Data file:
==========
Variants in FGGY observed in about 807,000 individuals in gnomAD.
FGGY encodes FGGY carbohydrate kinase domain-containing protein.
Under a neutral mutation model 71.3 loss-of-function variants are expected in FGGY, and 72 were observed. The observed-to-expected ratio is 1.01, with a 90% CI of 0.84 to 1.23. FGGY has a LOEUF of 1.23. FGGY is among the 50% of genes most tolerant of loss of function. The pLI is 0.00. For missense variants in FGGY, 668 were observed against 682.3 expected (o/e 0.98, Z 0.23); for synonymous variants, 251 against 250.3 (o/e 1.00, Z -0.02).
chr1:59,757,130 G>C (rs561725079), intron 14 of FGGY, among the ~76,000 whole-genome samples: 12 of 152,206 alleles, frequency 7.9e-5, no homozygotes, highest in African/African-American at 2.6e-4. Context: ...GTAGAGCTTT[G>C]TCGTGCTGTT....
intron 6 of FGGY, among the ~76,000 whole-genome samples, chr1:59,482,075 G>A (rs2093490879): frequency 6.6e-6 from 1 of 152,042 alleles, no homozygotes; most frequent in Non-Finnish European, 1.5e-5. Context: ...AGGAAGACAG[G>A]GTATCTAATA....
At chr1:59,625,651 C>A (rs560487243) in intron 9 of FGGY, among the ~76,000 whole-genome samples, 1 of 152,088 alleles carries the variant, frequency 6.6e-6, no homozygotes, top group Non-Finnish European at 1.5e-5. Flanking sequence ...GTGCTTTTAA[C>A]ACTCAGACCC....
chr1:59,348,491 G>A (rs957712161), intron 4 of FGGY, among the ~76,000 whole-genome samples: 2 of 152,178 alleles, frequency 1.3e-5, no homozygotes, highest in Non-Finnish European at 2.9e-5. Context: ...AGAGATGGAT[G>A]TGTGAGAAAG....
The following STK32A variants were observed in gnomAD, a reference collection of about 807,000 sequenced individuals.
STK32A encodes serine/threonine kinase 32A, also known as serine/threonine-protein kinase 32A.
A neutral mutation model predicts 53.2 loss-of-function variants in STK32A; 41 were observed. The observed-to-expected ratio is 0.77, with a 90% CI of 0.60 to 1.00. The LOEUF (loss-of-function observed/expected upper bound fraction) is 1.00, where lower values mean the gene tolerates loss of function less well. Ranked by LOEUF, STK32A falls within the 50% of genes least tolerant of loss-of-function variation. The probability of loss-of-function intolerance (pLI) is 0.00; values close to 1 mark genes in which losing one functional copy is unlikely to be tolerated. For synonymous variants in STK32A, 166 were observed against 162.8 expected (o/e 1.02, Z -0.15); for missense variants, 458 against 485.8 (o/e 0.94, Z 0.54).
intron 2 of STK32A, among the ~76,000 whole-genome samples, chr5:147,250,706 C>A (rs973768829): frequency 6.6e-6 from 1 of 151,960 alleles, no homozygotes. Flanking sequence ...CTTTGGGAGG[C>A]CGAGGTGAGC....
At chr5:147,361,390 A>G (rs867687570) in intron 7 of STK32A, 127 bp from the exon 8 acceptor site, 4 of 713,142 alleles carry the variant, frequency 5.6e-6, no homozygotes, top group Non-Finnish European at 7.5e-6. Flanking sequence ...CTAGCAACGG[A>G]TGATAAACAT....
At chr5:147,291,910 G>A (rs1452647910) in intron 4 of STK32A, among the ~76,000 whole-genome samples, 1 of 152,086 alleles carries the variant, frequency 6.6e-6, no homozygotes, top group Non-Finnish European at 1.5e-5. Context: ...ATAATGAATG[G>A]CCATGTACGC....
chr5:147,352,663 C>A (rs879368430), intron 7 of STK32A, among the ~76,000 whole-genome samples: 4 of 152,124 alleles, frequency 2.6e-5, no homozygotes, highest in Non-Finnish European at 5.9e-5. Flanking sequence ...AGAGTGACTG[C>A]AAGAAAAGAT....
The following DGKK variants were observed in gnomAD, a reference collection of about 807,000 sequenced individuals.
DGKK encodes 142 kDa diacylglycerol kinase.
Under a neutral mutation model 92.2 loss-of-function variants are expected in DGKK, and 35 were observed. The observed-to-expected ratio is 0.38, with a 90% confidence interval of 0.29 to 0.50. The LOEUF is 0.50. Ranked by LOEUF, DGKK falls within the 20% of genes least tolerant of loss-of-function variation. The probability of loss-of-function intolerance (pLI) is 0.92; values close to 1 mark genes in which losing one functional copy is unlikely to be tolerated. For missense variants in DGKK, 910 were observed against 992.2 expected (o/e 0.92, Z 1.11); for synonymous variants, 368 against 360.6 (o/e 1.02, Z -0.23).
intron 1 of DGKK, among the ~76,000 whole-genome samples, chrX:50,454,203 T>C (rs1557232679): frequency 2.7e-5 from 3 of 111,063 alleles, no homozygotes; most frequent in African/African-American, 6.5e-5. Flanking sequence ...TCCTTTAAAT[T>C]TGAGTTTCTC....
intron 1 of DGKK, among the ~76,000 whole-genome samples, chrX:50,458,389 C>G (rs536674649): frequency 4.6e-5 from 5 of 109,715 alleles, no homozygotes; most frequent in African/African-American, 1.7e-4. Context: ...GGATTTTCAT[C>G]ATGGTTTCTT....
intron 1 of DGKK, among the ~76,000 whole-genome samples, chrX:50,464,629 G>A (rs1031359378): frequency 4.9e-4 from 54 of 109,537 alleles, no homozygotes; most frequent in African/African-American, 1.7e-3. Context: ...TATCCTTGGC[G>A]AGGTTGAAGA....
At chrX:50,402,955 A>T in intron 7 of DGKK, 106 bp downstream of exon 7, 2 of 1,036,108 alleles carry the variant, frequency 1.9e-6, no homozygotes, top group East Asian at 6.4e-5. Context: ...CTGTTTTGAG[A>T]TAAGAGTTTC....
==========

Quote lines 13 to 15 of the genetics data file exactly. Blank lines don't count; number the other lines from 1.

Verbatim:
At chr5:147,291,910 G>A (rs1452647910) in intron 4 of STK32A, among the ~76,000 whole-genome samples, 1 of 152,086 alleles carries the variant, frequency 6.6e-6, no homozygotes, top group Non-Finnish European at 1.5e-5. Context: ...ATAATGAATG[G>A]CCATGTACGC....
chr5:147,352,663 C>A (rs879368430), intron 7 of STK32A, among the ~76,000 whole-genome samples: 4 of 152,124 alleles, frequency 2.6e-5, no homozygotes, highest in Non-Finnish European at 5.9e-5. Flanking sequence ...AGAGTGACTG[C>A]AAGAAAAGAT....
The following DGKK variants were observed in gnomAD, a reference collection of about 807,000 sequenced individuals.